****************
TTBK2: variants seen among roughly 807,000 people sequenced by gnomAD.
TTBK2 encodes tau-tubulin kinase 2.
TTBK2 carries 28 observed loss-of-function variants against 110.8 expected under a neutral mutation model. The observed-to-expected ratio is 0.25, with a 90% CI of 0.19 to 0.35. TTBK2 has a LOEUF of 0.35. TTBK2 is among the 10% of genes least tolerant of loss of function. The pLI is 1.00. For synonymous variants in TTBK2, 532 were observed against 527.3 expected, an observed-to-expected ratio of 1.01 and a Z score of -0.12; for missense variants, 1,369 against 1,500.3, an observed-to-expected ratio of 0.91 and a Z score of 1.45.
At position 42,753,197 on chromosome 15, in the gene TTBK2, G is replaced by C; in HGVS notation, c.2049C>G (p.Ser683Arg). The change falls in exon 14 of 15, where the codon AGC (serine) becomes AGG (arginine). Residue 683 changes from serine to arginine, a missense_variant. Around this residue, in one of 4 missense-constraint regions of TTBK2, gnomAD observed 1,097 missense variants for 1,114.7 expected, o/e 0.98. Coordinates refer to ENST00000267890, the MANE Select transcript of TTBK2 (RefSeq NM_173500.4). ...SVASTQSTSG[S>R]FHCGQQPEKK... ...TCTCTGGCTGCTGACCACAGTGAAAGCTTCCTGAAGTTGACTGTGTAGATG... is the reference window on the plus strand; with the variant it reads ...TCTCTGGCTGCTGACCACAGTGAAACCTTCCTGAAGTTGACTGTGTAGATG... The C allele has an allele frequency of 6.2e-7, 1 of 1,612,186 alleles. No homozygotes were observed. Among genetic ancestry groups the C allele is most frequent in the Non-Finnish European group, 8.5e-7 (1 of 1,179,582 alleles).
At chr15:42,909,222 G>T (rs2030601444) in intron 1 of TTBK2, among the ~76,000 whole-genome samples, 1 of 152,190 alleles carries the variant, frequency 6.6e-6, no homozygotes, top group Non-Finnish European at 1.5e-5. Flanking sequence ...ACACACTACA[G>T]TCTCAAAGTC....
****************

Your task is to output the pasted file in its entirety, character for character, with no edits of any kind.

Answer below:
TTBK2: variants seen among roughly 807,000 people sequenced by gnomAD.
TTBK2 encodes tau-tubulin kinase 2.
TTBK2 carries 28 observed loss-of-function variants against 110.8 expected under a neutral mutation model. The observed-to-expected ratio is 0.25, with a 90% CI of 0.19 to 0.35. TTBK2 has a LOEUF of 0.35. TTBK2 is among the 10% of genes least tolerant of loss of function. The pLI is 1.00. For synonymous variants in TTBK2, 532 were observed against 527.3 expected, an observed-to-expected ratio of 1.01 and a Z score of -0.12; for missense variants, 1,369 against 1,500.3, an observed-to-expected ratio of 0.91 and a Z score of 1.45.
At position 42,753,197 on chromosome 15, in the gene TTBK2, G is replaced by C; in HGVS notation, c.2049C>G (p.Ser683Arg). The change falls in exon 14 of 15, where the codon AGC (serine) becomes AGG (arginine). Residue 683 changes from serine to arginine, a missense_variant. Around this residue, in one of 4 missense-constraint regions of TTBK2, gnomAD observed 1,097 missense variants for 1,114.7 expected, o/e 0.98. Coordinates refer to ENST00000267890, the MANE Select transcript of TTBK2 (RefSeq NM_173500.4). ...SVASTQSTSG[S>R]FHCGQQPEKK... ...TCTCTGGCTGCTGACCACAGTGAAAGCTTCCTGAAGTTGACTGTGTAGATG... is the reference window on the plus strand; with the variant it reads ...TCTCTGGCTGCTGACCACAGTGAAACCTTCCTGAAGTTGACTGTGTAGATG... The C allele has an allele frequency of 6.2e-7, 1 of 1,612,186 alleles. No homozygotes were observed. Among genetic ancestry groups the C allele is most frequent in the Non-Finnish European group, 8.5e-7 (1 of 1,179,582 alleles).
At chr15:42,909,222 G>T (rs2030601444) in intron 1 of TTBK2, among the ~76,000 whole-genome samples, 1 of 152,190 alleles carries the variant, frequency 6.6e-6, no homozygotes, top group Non-Finnish European at 1.5e-5. Flanking sequence ...ACACACTACA[G>T]TCTCAAAGTC....